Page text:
People who are interested in helping students who struggle with English or math skills might be interested in becoming a Title I teacher. Title I funds are focused on schools with a high number of students from low-income families who are identified as being at-risk academically. Although most Title I teachers teach at the elementary school level, there are also some Title I positions at the middle and high school level.
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What They Do
Title I teachers work with students who struggle academically, but they are not the same as special education teachers. Students are not selected for Title I because of a disability but based on academic scores and progress. Title I positions are funded by the federal government. One duty of Title I teachers might be reviewing data to identify which students might be at risk. The teacher would also develop lesson plans and work with teachers and parents.
One way Title I teachers differ from other teachers is that they do not have a regular classroom of students or focus on one particular grade. Instead, they might see a group of students for a certain amount of time each week, and the group might be mixed in grade level. In other schools, they might work with the regular classroom teacher.
Title I teachers need to have the same education and qualifications as regular classroom teachers. In fact, some teachers may spend part of their career as Title I teachers and part of it teaching in a regular classroom. According to the Bureau of Labor Statistics, elementary school teachers need either a bachelor’s degree in elementary education or in a specific subject with a certification in education. In some places, teachers may be required to have a master’s degree. A similar path would be followed by people who hope to work with middle or high school students. There is no particular path to follow in becoming a Title I teacher, but students may want to take classes that focus on working with at-risk and underachieving children. When choosing a classroom for student teaching experience, the student might also want to try to work in a Title I school if possible. They may also want to volunteer with at-risk youth to get some experience working with this particular population.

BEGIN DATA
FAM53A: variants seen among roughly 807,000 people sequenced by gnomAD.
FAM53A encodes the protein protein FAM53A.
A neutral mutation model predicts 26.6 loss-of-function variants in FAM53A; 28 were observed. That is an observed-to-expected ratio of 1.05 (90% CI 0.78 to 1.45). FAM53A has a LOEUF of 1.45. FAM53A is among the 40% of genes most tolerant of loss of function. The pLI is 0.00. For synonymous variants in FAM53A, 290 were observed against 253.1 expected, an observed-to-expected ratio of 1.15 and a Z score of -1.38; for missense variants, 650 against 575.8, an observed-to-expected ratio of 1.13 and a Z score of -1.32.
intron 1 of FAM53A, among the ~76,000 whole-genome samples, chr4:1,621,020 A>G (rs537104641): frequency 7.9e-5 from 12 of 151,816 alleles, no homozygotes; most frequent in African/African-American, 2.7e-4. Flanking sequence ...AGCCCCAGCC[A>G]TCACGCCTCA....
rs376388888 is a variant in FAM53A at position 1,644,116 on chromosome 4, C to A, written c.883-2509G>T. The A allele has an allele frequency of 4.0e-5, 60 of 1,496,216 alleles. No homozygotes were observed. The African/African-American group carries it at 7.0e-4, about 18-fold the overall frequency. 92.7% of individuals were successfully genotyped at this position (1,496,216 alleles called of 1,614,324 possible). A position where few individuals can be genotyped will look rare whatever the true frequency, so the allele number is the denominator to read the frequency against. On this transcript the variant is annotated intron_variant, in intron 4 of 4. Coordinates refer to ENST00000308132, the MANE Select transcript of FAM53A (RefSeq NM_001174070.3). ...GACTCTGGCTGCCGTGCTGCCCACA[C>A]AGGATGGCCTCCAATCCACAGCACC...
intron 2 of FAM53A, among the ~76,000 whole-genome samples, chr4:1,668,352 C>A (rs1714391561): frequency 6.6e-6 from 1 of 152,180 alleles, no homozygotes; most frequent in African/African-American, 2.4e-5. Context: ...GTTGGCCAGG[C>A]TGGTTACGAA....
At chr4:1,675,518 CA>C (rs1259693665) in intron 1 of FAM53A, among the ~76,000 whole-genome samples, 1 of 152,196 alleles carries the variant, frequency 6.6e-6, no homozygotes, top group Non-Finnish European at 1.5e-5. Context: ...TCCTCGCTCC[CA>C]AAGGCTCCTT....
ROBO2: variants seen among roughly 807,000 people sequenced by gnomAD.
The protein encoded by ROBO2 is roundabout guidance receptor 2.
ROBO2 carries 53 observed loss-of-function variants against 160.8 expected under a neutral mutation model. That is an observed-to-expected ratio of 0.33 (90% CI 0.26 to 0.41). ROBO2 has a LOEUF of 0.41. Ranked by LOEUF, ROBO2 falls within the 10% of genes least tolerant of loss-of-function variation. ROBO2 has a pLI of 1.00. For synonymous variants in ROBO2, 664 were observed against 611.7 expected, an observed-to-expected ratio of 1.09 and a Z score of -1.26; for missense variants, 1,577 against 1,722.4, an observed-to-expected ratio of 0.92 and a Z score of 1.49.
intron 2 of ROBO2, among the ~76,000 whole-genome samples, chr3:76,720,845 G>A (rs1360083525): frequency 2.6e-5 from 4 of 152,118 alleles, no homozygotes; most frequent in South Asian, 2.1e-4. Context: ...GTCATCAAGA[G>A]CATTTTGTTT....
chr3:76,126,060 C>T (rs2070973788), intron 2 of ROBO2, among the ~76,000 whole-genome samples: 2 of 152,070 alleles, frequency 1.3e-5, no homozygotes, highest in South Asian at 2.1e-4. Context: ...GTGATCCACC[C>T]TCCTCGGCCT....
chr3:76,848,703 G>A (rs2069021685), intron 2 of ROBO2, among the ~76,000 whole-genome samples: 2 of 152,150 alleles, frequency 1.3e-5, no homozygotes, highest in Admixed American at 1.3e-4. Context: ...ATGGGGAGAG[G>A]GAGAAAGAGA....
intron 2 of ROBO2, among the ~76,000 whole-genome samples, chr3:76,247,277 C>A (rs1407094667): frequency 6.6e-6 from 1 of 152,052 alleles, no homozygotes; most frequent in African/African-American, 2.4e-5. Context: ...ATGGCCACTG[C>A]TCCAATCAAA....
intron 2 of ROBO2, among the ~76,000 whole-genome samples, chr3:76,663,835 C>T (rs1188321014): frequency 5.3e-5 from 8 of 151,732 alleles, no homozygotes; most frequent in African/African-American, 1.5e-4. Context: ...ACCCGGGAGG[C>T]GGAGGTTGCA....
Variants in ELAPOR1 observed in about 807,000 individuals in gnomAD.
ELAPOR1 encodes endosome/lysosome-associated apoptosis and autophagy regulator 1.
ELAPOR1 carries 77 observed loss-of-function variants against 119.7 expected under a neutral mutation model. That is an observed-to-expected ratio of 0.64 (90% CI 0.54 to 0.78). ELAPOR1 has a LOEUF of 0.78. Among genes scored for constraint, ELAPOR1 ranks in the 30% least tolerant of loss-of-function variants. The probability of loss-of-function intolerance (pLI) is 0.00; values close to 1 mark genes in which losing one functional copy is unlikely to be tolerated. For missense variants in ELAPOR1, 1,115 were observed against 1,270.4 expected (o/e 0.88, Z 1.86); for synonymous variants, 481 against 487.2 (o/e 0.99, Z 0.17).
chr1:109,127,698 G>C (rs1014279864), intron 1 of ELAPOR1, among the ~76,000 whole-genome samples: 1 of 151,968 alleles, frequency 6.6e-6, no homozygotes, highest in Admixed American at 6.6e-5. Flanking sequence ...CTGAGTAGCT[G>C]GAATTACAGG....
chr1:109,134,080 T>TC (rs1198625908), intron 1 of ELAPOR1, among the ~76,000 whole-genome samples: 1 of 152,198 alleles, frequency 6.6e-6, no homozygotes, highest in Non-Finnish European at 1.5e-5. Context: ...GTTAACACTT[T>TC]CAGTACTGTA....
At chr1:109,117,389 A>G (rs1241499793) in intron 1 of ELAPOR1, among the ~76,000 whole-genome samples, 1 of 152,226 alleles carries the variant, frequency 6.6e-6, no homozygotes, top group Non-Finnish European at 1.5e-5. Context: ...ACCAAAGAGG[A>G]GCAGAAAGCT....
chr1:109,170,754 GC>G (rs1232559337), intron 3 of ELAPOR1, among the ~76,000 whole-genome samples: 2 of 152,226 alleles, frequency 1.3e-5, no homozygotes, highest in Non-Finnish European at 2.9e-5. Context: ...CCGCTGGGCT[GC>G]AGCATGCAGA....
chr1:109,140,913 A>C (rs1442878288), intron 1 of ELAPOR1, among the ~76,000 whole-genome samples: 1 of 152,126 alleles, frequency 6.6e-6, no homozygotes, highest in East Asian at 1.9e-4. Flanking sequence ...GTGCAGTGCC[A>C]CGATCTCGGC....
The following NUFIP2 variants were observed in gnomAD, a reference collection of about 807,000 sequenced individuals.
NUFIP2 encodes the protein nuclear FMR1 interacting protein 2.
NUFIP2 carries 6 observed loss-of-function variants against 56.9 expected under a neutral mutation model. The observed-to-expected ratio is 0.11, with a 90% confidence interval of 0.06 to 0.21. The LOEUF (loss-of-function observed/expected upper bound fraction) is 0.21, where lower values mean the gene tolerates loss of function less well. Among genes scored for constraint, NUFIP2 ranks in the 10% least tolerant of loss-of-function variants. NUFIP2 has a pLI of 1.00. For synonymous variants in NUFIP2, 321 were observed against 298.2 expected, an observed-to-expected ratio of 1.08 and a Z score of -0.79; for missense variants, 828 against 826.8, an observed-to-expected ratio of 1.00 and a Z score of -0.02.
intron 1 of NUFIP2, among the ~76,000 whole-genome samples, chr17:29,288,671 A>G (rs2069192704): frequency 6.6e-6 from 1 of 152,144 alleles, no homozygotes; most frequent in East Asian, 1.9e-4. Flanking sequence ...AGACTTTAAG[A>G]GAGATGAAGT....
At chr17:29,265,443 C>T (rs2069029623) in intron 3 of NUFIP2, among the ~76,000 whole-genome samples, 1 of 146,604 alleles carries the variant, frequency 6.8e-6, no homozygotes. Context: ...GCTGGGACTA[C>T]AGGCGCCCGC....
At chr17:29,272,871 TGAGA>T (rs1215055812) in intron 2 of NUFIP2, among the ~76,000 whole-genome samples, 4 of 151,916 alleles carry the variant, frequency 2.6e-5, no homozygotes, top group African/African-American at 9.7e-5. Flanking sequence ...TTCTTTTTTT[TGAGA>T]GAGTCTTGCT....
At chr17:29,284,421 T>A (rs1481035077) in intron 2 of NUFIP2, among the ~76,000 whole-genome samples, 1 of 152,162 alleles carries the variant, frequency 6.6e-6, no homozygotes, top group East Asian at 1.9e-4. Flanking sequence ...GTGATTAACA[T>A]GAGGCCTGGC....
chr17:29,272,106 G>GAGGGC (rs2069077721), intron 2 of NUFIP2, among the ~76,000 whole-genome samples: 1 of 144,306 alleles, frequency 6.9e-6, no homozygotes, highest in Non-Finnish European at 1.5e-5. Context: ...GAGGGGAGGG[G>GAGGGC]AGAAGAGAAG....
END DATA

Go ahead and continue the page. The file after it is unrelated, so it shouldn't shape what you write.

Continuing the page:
What to Expect
Working as a Title I teacher can be rewarding, but there are also challenges associated with the position that teachers in other jobs may not deal with as much. For one thing, children who are in a Title I program may face exceptional life challenges themselves. According to an article in the Washington Post by a teacher at a Title I school, teachers in these schools work long hours and may use their own money at times. They might also struggle with some of the policies they are required to enforce. Burnout can be a problem, but it can also be exciting for a teacher when a student has a breakthrough, such as learning to read.
Students who want to work as Title I teachers may want to identify specific schools where they hope to work and talk with teachers there about their experience. While a person can be hired as a Title I teacher with regular coursework and experience in education, experience with children struggling academically can help them better prepare to become a Title I teacher.